A rocky alien planet called Gliese 581d may be the first known world beyond Earth capable of supporting life as we know it, a new study suggests.
Astronomers performing a new atmospheric-modeling study have found that the planet likely lies in the "habitable zone" of its host star — that just-right range of distances that allow liquid water to exist. The alien world could be Earth-like in key ways, harboring oceans, clouds and rainfall, according to the research.
This conclusion is consistent with several other recent modeling studies. But it does not definitively establish that life-sustaining water flows across the planet's surface.
The new study assumes that Gliese 581d, which is about seven times as massive as Earth, has a thick, carbon-dioxide-based atmosphere. That's very possible on a planet so large, researchers said, but it's not a given. [Video: Life-Sustaining "Super Earth" Gliese 581d]
The Gliese 581 system: Worlds of possibilities
Gliese 581d's parent star, known as Gliese 581, is a red dwarf located 20 light-years from Earth, just a stone's throw in the cosmic scheme of things. So far, astronomers have detected six planets orbiting the star, and Gliese 581d is not the only one intriguing to scientists thinking about the possibility of life beyond Earth.
Another planet in the system, called Gliese 581g, is about three times as massive as Earth, and it's also most likely a rocky world. This planet received a lot of attention when its discovery was announced in September 2010, because it's located right in the middle of the habitable zone. That makes 581g a prime candidate for liquid water and life as we know it — if the planet exists.
Some researchers question the analysis used to discover the planet, and say they cannot confirm 581g in follow-up studies. The planet's discoverers, however, are standing by their find. [The Strangest Alien Planets]
Gliese 581d orbits outside of 581g, far enough away from its star that researchers first thought it too cold for life when it was originally discovered in 2007. But a strong greenhouse effect may warm 581d up substantially, perhaps enough to support liquid water.
That's the tentative conclusion of the new study, as well as several other recent studies by different research teams that also modeled Gliese 581d's possible atmosphere.
Modeling an alien atmosphere
The planet Gliese 581d receives less than a third of the solar energy that Earth does from our sun, and it may be tidally locked (a situation in which one side of the world always faces its sun — a permanent day — and the other faces away, producing eternal night).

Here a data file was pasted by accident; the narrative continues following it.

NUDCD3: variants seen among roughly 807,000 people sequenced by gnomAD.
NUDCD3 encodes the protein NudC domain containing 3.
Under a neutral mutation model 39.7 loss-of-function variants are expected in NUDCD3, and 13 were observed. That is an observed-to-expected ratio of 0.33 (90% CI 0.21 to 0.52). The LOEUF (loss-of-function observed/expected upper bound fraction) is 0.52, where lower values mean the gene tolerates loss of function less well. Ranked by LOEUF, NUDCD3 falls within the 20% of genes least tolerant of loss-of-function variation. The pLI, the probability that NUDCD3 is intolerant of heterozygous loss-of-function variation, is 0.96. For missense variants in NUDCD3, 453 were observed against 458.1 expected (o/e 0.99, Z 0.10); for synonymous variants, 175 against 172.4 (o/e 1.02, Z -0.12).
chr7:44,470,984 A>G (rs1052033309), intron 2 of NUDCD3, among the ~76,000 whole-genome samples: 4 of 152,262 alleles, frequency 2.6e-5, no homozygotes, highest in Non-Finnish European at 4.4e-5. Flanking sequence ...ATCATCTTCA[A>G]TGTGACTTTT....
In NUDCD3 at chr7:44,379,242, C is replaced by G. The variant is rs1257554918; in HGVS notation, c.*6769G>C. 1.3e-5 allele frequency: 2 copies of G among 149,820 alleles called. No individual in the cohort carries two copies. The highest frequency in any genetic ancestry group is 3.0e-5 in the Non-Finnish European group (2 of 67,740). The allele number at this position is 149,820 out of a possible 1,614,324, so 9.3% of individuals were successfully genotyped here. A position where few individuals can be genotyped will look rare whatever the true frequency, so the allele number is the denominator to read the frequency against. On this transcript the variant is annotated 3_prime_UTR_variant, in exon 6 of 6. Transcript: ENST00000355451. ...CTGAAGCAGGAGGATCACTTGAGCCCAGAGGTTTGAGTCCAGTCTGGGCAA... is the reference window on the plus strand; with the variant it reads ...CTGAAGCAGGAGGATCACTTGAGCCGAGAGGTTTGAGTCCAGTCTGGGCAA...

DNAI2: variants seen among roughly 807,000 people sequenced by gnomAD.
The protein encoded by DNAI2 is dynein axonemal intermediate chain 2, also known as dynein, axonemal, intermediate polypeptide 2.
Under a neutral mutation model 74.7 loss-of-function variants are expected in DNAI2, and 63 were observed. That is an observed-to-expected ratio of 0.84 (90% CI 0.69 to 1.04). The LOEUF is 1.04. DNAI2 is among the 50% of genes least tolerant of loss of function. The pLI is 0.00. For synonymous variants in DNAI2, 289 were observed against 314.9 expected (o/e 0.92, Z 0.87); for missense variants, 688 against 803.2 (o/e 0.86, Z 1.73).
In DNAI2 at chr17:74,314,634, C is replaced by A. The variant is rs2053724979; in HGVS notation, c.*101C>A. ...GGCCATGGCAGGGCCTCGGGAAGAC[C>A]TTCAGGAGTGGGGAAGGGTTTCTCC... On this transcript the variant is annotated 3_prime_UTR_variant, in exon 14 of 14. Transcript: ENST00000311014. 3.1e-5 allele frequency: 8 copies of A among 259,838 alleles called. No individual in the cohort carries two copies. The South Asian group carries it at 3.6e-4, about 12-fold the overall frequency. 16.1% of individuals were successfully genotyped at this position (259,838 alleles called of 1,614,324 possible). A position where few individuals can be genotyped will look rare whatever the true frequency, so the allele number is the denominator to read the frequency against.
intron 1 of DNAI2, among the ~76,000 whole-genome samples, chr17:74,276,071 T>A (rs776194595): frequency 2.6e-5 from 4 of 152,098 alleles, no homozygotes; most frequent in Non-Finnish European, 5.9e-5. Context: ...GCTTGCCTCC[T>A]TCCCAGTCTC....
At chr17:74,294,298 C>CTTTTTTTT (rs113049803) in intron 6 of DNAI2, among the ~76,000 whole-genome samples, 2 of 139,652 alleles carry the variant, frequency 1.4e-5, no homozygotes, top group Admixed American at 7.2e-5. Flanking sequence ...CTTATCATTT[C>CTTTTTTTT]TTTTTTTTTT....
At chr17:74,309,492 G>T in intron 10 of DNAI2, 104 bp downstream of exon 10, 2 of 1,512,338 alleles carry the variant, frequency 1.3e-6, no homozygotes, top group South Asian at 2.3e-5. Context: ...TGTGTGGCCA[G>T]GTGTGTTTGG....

After Gliese 581d's discovery, it was generally believed that any atmosphere thick enough to keep the planet warm would become cold enough on the night side to freeze out entirely, ruining any prospects for a habitable climate, researchers said.
The research team tested that possibility in the new study, developing a new kind of computer model that simulates alien planets' atmospheres and surfaces in three dimensions. The model is similar to those used to study climate change on Earth.
When the team ran the model, they found that Gliese 581d probably can indeed host liquid water if it has a dense carbon dioxide atmosphere. Even though the planet is relatively far away from its dim red dwarf parent star, it could be warmed by a greenhouse effect, with daytime heat circulated around the planet by the atmosphere.
The team, led by scientists from the Laboratoire de Métrologie Dynamique (CNRS/UPMC/ENS/Ecole Polytechnique) at the Institut Pierre Simon Laplace in Paris, France, published their results in The Astrophysical Journal Letters.
The work remains speculative.
To determine conclusively if Gliese 581d is truly habitable, future work will probably have to detect and characterize its atmosphere directly. And that is likely years off, since it requires the development of new and advanced telescopes. Human-made probes won't be getting to the planet anytime soon; with current technology, it would take spacecraft hundreds of thousands of years to make the 20-light-year trek.
This story was provided by SPACE.com, a sister site to LiveScience. You can follow SPACE.com senior writer Mike Wall on Twitter: @michaeldwall. Follow SPACE.com for the latest in space science and exploration news on Twitter @Spacedotcom and on Facebook.